There are 16 propositions on the November ballot, each of which merits serious reflection.
I have a particular interest in the social blight of homelessness generated by psychological brain dysfunction underlying mental illness or impairment.
Assemblyman Darrell Steinberg, D-Sacramento, wrote Proposition 63, an initiative that would tax the super wealthy to provide mental health care to those who can't afford it. The state made a promise 36 years ago, when it closed down the state psychiatric hospitals, to create programs and supportive housing to serve the needs of mentally ill people in their own communities. It was a great humanitarian idea that never came to fruition.
The Legislature has yet to provide funding for treatment and housing programs for the mentally ill. The consequences of not treating the mentally ill are obvious and tragic: homelessness, drug addiction, domestic violence, crime, teen age dropouts and pregnancies, child abuse and neglect.
According to psychiatrist Michael Freeman, 90 percent of what we know about the brain has been discovered in the past 10 years. He said, "So much of mental illness is now treatable with medication and therapy. We know what to do for people but we don't have the delivery system to do it." Despite everything we know, we still separate the world's ills into compartments -- physical ills, mental ills, social ills, cultural ills -- as if one has nothing to do with the others. We cannot solve homelessness without first solving the underlying psychosis or depression or addiction.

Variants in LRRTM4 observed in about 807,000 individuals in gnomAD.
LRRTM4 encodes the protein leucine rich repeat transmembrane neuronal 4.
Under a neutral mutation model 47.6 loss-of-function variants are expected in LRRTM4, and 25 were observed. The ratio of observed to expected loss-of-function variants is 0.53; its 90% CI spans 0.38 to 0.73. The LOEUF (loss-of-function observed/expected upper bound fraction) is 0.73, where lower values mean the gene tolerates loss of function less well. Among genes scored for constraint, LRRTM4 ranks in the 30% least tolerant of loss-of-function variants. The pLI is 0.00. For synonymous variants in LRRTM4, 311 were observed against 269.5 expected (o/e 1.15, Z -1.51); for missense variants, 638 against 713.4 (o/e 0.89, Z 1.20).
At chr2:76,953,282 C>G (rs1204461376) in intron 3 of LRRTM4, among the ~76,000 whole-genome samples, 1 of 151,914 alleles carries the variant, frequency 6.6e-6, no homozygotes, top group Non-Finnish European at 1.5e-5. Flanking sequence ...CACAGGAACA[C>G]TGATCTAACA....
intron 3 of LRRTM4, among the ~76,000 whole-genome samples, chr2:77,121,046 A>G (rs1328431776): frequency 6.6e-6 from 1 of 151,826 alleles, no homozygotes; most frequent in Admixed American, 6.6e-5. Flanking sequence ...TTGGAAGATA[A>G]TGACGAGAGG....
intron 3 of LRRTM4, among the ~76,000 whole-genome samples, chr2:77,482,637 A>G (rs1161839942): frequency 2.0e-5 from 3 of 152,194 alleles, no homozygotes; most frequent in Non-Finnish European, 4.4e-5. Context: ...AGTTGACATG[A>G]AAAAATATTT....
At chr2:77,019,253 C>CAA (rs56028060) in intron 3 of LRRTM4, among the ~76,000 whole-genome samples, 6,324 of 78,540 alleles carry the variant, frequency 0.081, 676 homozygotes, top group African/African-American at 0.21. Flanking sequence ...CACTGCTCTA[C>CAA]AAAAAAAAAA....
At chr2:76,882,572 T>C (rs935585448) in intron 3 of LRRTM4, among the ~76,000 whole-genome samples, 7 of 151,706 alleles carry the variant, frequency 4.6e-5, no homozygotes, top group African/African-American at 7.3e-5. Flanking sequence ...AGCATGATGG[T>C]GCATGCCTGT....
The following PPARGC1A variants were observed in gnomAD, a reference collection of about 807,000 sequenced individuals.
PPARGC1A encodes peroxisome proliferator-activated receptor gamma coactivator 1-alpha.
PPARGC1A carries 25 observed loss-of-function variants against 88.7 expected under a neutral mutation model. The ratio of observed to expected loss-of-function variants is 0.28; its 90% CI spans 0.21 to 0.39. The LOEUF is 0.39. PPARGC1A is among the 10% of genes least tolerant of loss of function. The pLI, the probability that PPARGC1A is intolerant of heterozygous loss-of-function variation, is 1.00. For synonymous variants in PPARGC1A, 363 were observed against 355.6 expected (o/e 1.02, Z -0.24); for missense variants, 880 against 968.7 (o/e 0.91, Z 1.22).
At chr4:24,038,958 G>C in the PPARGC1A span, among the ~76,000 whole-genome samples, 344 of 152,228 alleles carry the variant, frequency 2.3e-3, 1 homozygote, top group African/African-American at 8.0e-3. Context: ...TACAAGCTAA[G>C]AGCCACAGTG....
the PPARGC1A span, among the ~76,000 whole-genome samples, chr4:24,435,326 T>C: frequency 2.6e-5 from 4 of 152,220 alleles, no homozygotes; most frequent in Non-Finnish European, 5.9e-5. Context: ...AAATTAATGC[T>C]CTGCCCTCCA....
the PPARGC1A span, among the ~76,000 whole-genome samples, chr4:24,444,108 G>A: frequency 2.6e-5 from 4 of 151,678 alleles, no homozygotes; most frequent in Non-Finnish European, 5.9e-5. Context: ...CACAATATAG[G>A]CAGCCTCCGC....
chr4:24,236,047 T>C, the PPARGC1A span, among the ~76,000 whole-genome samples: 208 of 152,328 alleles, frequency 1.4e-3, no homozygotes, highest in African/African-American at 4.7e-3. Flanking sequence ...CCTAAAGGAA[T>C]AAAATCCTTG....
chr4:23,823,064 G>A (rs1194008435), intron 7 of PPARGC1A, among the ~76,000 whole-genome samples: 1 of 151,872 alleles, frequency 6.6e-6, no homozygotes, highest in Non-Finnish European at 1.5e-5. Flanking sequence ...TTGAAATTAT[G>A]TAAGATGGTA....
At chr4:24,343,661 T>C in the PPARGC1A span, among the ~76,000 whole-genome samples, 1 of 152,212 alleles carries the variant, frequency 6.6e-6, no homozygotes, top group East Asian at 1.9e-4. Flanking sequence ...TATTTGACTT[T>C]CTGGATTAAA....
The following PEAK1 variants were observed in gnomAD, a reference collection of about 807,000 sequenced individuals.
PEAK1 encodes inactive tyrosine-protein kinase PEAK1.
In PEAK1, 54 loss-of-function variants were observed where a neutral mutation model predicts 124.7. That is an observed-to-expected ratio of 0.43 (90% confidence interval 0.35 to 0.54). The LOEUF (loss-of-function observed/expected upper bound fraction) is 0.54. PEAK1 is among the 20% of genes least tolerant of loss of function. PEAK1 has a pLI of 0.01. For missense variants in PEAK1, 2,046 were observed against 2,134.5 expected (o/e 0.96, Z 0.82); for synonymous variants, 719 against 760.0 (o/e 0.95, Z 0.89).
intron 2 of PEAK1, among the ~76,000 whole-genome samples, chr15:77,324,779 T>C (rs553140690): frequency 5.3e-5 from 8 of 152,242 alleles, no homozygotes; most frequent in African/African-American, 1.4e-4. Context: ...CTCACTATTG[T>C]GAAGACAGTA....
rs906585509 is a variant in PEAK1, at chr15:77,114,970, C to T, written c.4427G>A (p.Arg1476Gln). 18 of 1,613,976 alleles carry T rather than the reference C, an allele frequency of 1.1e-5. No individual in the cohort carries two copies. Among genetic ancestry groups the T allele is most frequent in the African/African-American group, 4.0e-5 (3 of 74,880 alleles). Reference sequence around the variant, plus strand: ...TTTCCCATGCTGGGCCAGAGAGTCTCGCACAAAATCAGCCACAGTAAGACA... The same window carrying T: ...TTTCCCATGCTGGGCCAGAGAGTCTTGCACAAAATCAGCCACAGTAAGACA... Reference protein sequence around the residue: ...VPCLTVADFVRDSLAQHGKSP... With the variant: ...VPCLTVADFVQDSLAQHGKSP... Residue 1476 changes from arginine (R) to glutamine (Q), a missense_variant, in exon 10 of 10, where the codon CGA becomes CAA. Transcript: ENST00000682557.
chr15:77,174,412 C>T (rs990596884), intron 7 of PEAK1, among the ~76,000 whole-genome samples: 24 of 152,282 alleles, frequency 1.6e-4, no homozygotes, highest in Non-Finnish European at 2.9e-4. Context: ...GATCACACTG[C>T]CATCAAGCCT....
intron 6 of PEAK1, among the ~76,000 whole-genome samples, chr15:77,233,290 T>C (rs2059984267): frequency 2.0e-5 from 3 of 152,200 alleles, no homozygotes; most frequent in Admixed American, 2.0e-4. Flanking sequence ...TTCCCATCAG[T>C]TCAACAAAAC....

We can't heal families without first healing the abusive, unstable parent. Proposition 63 isn't a perfect law that will whisk all the suffering off our streets. But it is an essential, logical step not only for making good on a three decades old promise, but also to bring us closer to the day when all people with mental illnesses can experience mental health, and enjoy normal, happy lives.